I recently got my hands on a bag of ground cherries. It’s so rare that I try a fruit or vegetable that I’ve never eaten before, but I’m not alone in getting a taste of neglected varieties of produce. Encouraged by the slow food movement and by the successes of organics, farmers are beginning to bring back original American tastes.

In Bucks County, Pennsylvania, farmers are bringing back the pawpaw. According to an article in the Philadelphia Inquirer, the creamy-fleshed fruit is America’s largest native fruit, and tastes something like a cross between bananas, mangoes, pineapples, and vanilla. Explorers Lewis and Clark credited the fruit with saving them from starvation.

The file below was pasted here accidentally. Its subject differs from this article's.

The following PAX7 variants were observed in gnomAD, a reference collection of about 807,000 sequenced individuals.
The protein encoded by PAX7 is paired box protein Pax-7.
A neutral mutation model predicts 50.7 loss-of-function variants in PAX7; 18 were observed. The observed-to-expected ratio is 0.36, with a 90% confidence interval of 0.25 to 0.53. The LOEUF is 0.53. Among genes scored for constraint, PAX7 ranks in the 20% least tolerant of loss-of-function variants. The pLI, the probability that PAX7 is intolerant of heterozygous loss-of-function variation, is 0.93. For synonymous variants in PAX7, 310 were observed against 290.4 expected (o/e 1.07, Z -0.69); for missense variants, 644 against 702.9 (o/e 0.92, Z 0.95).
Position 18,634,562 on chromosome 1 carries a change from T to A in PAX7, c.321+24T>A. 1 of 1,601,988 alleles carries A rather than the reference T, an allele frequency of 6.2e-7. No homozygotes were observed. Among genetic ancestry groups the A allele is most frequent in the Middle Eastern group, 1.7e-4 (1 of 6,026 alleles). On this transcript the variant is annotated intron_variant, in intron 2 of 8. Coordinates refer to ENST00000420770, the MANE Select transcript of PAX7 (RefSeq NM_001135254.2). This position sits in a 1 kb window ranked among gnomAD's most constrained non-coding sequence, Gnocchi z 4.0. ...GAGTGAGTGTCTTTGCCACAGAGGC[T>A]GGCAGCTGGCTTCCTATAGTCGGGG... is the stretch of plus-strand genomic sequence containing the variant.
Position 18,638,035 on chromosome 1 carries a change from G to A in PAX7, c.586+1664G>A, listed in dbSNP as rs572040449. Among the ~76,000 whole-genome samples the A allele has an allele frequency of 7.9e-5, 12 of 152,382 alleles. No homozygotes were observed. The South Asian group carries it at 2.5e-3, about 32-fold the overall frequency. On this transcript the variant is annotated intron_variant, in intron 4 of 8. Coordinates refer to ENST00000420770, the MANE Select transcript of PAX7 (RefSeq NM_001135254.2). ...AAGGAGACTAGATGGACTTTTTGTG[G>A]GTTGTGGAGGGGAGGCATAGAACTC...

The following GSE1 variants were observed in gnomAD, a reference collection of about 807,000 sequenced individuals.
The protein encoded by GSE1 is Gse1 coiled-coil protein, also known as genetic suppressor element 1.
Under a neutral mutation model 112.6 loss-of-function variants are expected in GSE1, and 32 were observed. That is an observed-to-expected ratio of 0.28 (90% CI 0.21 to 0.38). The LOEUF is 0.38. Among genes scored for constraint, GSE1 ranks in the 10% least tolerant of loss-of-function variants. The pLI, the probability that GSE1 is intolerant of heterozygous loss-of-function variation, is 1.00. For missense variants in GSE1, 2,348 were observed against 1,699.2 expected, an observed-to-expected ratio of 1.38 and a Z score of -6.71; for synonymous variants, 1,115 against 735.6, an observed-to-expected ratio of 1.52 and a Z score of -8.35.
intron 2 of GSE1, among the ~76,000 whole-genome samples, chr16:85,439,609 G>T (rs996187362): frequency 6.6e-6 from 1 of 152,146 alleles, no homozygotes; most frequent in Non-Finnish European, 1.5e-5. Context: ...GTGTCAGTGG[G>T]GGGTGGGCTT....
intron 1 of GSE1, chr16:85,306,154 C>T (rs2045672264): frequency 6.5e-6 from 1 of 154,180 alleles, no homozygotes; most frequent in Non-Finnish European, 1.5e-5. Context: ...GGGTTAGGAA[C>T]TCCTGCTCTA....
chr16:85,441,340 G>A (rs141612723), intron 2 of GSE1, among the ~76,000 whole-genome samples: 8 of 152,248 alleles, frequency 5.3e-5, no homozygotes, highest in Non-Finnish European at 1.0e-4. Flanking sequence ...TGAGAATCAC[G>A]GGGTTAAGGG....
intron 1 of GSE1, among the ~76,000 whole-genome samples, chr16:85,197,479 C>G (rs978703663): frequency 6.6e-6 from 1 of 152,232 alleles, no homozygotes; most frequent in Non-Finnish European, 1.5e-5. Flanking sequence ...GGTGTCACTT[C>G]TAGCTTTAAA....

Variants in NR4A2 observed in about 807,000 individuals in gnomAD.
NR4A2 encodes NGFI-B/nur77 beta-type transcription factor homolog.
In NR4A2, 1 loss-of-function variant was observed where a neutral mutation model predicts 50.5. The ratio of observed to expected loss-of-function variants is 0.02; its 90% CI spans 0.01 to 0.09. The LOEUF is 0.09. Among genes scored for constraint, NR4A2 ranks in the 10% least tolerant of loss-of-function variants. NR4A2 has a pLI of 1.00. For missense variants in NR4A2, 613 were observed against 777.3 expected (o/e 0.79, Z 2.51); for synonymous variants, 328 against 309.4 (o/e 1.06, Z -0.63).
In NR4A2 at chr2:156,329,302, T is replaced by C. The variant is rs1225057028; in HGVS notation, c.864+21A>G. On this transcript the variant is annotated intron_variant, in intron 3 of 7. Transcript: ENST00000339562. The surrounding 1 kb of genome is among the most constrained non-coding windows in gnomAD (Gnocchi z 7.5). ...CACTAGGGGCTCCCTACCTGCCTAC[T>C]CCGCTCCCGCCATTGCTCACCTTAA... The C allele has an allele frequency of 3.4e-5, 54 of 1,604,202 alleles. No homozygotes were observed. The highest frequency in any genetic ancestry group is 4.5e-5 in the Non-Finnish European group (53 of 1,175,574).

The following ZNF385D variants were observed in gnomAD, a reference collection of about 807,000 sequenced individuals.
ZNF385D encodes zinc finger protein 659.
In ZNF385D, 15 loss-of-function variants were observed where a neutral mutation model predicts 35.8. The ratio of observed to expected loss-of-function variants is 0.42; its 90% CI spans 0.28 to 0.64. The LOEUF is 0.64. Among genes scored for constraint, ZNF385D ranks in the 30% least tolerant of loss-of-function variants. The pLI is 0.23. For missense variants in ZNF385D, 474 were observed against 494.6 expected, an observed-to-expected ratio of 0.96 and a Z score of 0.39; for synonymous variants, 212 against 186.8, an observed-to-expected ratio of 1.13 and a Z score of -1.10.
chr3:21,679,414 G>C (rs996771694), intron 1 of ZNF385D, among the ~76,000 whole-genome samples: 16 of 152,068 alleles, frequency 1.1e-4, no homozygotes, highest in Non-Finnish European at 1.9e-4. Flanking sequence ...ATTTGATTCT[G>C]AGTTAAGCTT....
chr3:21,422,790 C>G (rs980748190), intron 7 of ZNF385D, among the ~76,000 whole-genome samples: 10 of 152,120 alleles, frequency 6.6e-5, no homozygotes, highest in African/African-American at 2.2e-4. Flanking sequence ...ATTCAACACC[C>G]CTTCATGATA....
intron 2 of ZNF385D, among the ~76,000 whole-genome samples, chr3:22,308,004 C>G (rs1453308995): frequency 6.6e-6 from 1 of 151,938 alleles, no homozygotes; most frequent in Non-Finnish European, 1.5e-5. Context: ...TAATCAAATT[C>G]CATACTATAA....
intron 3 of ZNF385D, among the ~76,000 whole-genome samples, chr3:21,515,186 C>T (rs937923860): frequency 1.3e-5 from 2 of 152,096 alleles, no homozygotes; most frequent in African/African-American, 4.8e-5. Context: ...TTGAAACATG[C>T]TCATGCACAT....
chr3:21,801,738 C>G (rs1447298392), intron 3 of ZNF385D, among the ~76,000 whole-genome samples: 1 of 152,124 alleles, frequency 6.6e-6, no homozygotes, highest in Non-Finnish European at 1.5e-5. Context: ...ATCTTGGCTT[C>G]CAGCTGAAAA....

Seasonally offered through Slow Food marketing arm Heritage Foods USA (along with heritage pork, turkey, and other meats), you can get a dozen pawpaws for $107. Heritage defends its perogative to ship a dozen fruits across the country:

‘Eat local is fine if you live in Napa or Vermont,’ argues Patrick Martins, Heritage’s president and the founder of Slow Food USA: ‘But what about the [purebred pork] farmer in Kansas with no local population? What about getting a taste of wild salmon?’

Until the breeds–the light, sweet Duroc pork, for instance–are reestablished, he maintains, eating locally shouldn’t rule out the imperative to ‘ship nationally.’

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